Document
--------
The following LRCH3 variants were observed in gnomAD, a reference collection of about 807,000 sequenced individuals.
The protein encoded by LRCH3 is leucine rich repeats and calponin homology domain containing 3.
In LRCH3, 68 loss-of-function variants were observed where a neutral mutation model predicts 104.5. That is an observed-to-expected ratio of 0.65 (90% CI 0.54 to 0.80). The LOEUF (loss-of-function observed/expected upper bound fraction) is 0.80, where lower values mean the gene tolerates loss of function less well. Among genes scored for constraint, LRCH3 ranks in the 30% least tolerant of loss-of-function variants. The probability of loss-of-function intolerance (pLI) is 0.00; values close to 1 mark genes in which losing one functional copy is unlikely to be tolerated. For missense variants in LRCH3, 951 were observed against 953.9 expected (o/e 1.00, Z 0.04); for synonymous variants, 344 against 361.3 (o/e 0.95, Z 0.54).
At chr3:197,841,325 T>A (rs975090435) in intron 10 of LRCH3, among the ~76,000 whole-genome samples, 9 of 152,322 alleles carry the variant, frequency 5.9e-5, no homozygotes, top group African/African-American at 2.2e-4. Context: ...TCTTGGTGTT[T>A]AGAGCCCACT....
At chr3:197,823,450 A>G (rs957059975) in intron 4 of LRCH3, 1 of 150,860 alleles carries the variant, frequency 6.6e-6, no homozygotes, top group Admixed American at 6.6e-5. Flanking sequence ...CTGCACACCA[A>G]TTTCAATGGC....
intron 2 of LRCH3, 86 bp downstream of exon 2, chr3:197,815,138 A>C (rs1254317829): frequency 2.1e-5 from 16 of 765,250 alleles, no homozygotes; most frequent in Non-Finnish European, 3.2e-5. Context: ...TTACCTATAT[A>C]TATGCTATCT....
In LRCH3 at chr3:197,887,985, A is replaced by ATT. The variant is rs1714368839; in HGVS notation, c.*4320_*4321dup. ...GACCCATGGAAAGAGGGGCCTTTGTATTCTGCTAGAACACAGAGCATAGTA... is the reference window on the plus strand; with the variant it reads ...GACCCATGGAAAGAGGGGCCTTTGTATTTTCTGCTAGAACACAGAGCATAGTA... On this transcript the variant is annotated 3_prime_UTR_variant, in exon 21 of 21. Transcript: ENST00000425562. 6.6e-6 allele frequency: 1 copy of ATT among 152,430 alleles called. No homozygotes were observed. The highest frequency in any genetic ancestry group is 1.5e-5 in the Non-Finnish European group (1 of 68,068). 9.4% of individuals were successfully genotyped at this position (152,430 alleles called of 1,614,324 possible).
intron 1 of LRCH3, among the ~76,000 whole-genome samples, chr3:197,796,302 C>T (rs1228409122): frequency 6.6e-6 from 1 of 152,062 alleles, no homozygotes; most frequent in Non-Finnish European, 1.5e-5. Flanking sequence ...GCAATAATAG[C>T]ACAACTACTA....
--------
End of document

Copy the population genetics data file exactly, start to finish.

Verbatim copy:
The following LRCH3 variants were observed in gnomAD, a reference collection of about 807,000 sequenced individuals.
The protein encoded by LRCH3 is leucine rich repeats and calponin homology domain containing 3.
In LRCH3, 68 loss-of-function variants were observed where a neutral mutation model predicts 104.5. That is an observed-to-expected ratio of 0.65 (90% CI 0.54 to 0.80). The LOEUF (loss-of-function observed/expected upper bound fraction) is 0.80, where lower values mean the gene tolerates loss of function less well. Among genes scored for constraint, LRCH3 ranks in the 30% least tolerant of loss-of-function variants. The probability of loss-of-function intolerance (pLI) is 0.00; values close to 1 mark genes in which losing one functional copy is unlikely to be tolerated. For missense variants in LRCH3, 951 were observed against 953.9 expected (o/e 1.00, Z 0.04); for synonymous variants, 344 against 361.3 (o/e 0.95, Z 0.54).
At chr3:197,841,325 T>A (rs975090435) in intron 10 of LRCH3, among the ~76,000 whole-genome samples, 9 of 152,322 alleles carry the variant, frequency 5.9e-5, no homozygotes, top group African/African-American at 2.2e-4. Context: ...TCTTGGTGTT[T>A]AGAGCCCACT....
At chr3:197,823,450 A>G (rs957059975) in intron 4 of LRCH3, 1 of 150,860 alleles carries the variant, frequency 6.6e-6, no homozygotes, top group Admixed American at 6.6e-5. Flanking sequence ...CTGCACACCA[A>G]TTTCAATGGC....
intron 2 of LRCH3, 86 bp downstream of exon 2, chr3:197,815,138 A>C (rs1254317829): frequency 2.1e-5 from 16 of 765,250 alleles, no homozygotes; most frequent in Non-Finnish European, 3.2e-5. Context: ...TTACCTATAT[A>C]TATGCTATCT....
In LRCH3 at chr3:197,887,985, A is replaced by ATT. The variant is rs1714368839; in HGVS notation, c.*4320_*4321dup. ...GACCCATGGAAAGAGGGGCCTTTGTATTCTGCTAGAACACAGAGCATAGTA... is the reference window on the plus strand; with the variant it reads ...GACCCATGGAAAGAGGGGCCTTTGTATTTTCTGCTAGAACACAGAGCATAGTA... On this transcript the variant is annotated 3_prime_UTR_variant, in exon 21 of 21. Transcript: ENST00000425562. 6.6e-6 allele frequency: 1 copy of ATT among 152,430 alleles called. No homozygotes were observed. The highest frequency in any genetic ancestry group is 1.5e-5 in the Non-Finnish European group (1 of 68,068). 9.4% of individuals were successfully genotyped at this position (152,430 alleles called of 1,614,324 possible).
intron 1 of LRCH3, among the ~76,000 whole-genome samples, chr3:197,796,302 C>T (rs1228409122): frequency 6.6e-6 from 1 of 152,062 alleles, no homozygotes; most frequent in Non-Finnish European, 1.5e-5. Flanking sequence ...GCAATAATAG[C>T]ACAACTACTA....